You Can’t Pick Great Teachers from a Tree.
Posted by David Greene in Uncategorized
As the experts assess the needs of the educational system and come up with “the solutions”, one solution that displays very little thought is the “great teacher” solution. The people who operate the Department of Education in New York City, (a department “recognized” for its innovative and leading changes in the field of education by organizations I have never heard of), have decided that one of the best ways to improve the educational system of New York City, is to recruit great teachers.
That may be a great solution if you can go to some school or place that has a bunch of great teachers just waiting to be picked like fruits off a tree. Perhaps these people know of some place like a supermarket for great teachers, where you can just go and pick them up like you pick cans up off a shelf. If these ideas sound ludicrous, it’s because they are ludicrous. The idea that you can just “recruit” or “pick up” a great teacher is as inane a thought as saying that you can just go to a park and “pick up” a Derek Jeter or a LeBron James.
Great teachers get it; they understand that when you get into teaching you are in it for the long haul. They understand that teaching is a “long time “ proposition, not a layover or a pit stop until you get your chance to go to med school or law school, or get your MBA. They understand this not something you just do because you can’t get a job in your profession or they downsized your company, or because working in a school will reduce your loan repayment. Great teachers understand they will have to make a commitment to be great, that they will have to work at being great, and that it will be hard work. They do not “sign on” to make a lot of money, to be feted or to receive awards.
Great teachers get it. They understand that teaching is a craft and crafts take time to hone and perfect. They understand you will not simply walk out of a college classroom or out of a corporate boardroom or “teaching institute” to step into a school’s classroom as a great teacher. They understand that greatness is a punctilious taskmaster. Great teachers realize that it takes time to learn what works, what doesn’t work and what has to be repackaged. Great teachers battle year after year, fighting their way through ennui and burnout. They work their way through every new administration and “innovative” theory to help learning to take place. They understand that becoming a great teacher is a process – it has a beginning, a middle and an end and that you don’t just start and step into the end of that process.
Great teachers aren’t recruited, they are developed and that development takes time. They recognize being a great teacher has little or nothing to do with numbers or some magical, mystical occurrence. If being a great teacher is as simple as having great numbers, one can have great numbers, but will those numbers make a great teacher? Will those numbers ensure that those students have learned anything?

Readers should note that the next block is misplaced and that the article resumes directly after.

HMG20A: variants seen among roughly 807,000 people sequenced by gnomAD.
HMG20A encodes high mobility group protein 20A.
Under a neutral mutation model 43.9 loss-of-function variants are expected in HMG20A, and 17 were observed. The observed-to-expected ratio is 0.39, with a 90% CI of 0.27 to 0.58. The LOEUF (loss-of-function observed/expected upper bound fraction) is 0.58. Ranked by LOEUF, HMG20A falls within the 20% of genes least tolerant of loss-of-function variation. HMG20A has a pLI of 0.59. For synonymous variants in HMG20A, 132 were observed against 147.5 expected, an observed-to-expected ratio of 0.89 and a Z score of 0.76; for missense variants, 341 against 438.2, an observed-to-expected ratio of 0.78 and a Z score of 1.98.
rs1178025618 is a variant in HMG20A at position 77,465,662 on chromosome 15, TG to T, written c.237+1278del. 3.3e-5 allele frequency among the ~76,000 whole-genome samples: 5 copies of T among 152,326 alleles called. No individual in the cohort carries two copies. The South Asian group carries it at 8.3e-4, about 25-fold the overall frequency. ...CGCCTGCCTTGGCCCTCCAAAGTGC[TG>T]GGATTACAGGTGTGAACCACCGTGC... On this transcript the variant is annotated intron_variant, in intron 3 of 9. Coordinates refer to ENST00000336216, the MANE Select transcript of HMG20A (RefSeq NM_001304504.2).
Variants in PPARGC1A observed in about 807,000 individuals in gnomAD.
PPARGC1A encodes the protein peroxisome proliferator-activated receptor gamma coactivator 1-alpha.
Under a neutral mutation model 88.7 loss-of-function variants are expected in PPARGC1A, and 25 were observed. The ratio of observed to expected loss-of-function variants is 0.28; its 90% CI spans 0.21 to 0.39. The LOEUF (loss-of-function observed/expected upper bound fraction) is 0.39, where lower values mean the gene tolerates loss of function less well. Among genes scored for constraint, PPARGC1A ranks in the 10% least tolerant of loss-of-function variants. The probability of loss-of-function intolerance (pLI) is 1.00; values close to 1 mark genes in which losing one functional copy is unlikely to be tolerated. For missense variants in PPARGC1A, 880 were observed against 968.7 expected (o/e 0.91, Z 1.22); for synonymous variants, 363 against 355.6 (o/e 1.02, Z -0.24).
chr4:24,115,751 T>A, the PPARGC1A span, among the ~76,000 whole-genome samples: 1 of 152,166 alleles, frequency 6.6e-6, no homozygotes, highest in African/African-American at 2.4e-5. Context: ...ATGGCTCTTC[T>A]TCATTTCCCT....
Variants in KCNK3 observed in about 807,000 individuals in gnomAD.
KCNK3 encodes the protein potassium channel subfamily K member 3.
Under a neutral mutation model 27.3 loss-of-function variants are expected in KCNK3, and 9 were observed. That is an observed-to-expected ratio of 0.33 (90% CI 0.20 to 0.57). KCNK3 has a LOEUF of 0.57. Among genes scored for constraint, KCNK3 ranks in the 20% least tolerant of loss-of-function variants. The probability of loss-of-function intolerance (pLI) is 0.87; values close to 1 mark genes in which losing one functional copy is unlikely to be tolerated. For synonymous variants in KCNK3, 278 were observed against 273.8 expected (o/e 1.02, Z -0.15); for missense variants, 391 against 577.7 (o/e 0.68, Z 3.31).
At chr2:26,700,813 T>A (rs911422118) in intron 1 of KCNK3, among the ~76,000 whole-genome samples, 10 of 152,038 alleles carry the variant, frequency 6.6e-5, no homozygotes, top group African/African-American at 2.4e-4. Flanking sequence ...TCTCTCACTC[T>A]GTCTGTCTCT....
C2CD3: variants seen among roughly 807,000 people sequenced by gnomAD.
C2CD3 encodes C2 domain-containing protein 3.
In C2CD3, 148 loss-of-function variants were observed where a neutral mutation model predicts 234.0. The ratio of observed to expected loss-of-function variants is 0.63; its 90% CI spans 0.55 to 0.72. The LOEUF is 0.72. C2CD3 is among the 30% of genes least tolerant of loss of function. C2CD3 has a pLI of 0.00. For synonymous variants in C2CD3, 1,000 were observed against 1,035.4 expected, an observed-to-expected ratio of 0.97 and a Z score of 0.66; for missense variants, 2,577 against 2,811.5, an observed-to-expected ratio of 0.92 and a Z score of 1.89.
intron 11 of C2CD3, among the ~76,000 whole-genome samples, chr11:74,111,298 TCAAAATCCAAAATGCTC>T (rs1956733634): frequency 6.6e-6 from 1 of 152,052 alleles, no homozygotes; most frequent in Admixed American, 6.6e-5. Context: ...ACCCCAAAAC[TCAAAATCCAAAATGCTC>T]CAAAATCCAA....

A great teacher does much more than work in a classroom and teach or just try to get “numbers.” In and of themselves, numbers are not important in anything. Even in sports, a player with great numbers is not considered a great player unless his/her numbers can translate into wins and/or championships for his/her teams.
Great teachers understand the vacuous, void numbers represent. Great teachers recognize and understand that true teaching goes far beyond the teaching the theme of “Hamlet” or the division of fractions, and that it goes beyond getting students to pass tests in school. Great teaching gets them to pass the biggest test of all, the ability to survive, to succeed, and to live a fulfilling life after all of the tests given in school are over.
That preparation cannot be measured in percentages or test grades. Great teachers bridge the gap between what must be taught in school and what is needed to succeed after all the tests have been taken and passed. Great teachers do not measure themselves by percentages and test grades, they measure themselves in lives, by the lives they change, and when they get a little lucky, by the lives they save.
The idea that every teacher can be a great teacher makes no logical sense. By definition what makes a person, or event great is that it is special or different from those people or things who/that are “normal”. In fact, if every teacher were great, being great would be the norm, which would mean that no one would be great! This idea also strikes at the heart of the proposal to “measure” teacher success or greatness by using test scores. Test scores are not produced solely as a result of a teacher’s greatness or ineptitude. A major portion of test scores is about what students do or don’t do.
Teaching is “alive.” If it’s done right, it has passion, it grows, it engages, challenges and inspires. It does not merely allow for diplomas, test scores or a graduation rate. It changes lives and helps those lives survive after they have left the warm and fuzzy confines of the world of school.